Happy October, folks. I hope you are all well.
Every month that I write these blog entries, I can’t believe how quickly the year flies by. Up in New York City, we’re partly settled into fall; the leaves are barely starting to change colors, and the weather can’t seem to make up its mind. I’ve always regarded autumn to be a time of renewal, and the soundtracks I listen to during this time of the year tend to remain the most nostalgic to me throughout the year. That being said, we have been blessed with a new WMD album, entitled ‘Reminisce’ and I do believe this one will stay with me in future seasons, taking me right back to the memories of this October.
WMD is one of my favorite artists that I’ve found in this little realm of the digital music world. With his own style of blending airy synths with guitar and the occasional pitch shifted vocal, all of his music is so distinctively written by him. This is an artist who has truly found his voice.
Track two off the record gives us a little percussive kick to shoot us off to the rest of the record. I love loops that never get old; so much of the music I listen to is loop based and there is something about repetition that puts me into this state of meditation. ‘Cymbidium’ uses the tools found throughout the record; clean guitars, well thought out percussion, and side chain compression lead the way for this one.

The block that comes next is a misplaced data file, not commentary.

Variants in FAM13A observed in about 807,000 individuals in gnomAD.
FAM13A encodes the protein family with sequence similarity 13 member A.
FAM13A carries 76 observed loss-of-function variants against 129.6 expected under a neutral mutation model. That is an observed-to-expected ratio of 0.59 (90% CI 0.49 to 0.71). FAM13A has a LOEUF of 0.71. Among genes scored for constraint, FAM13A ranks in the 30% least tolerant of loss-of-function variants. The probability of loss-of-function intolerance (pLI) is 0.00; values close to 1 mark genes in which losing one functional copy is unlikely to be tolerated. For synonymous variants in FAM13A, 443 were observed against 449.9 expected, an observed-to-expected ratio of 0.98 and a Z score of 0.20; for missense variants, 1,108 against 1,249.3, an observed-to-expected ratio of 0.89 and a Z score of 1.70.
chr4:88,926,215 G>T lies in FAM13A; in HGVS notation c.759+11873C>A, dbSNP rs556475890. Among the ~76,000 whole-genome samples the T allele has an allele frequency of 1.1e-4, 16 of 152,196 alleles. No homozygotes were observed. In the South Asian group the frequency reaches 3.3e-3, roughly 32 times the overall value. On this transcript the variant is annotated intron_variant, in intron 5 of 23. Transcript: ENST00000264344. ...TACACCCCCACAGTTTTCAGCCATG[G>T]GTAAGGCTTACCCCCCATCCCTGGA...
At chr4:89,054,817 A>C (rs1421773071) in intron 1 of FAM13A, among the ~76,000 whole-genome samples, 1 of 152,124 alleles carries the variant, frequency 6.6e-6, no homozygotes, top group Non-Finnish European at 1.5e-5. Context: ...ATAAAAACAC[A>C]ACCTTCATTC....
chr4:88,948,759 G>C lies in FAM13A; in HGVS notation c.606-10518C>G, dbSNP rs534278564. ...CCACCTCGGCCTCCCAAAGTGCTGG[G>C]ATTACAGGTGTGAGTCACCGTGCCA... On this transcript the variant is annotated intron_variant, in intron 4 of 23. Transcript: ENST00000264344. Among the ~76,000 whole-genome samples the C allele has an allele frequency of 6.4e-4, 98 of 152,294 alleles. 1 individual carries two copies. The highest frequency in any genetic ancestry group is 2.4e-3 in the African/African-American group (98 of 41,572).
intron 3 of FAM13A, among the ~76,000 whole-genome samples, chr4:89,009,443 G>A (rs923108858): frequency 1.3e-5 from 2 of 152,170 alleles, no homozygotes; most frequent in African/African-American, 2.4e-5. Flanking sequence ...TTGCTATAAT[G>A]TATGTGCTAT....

‘Moments’ made me cry. I resonate a lot with guitar; it’s my childhood and my present, and something about this track sort of gave me the auditory hug I needed. I love the simplicity of the progression of this one; the break down with bending guitar notes and piano is beautiful, and I would have a hard time believing this track wasn’t about a moment special to the writer.
I loved the entire album, but one of my favorite tracks off of it is the final one off the record, ‘July’. Sort of warpy sounding and defined by melodic bells, this song is a sway-in-your-seat-with-your-eyes-closed track. Controlled distortion and delays from panned guitars and pitch shifted vocals coming in and barely noticeable, the album is the perfect good-bye ’til next time.
I strongly encourage anybody who has a lot on their mind and some time to spare to play this record by yourself. You can even buy a physical copy of the album here (I just bought a copy and you should, too). This record allowed me time to process and left me feeling comforted. Music is a beautiful thing, folks, and WMD has made it yet again.
Until next time,
The Unicorn Princess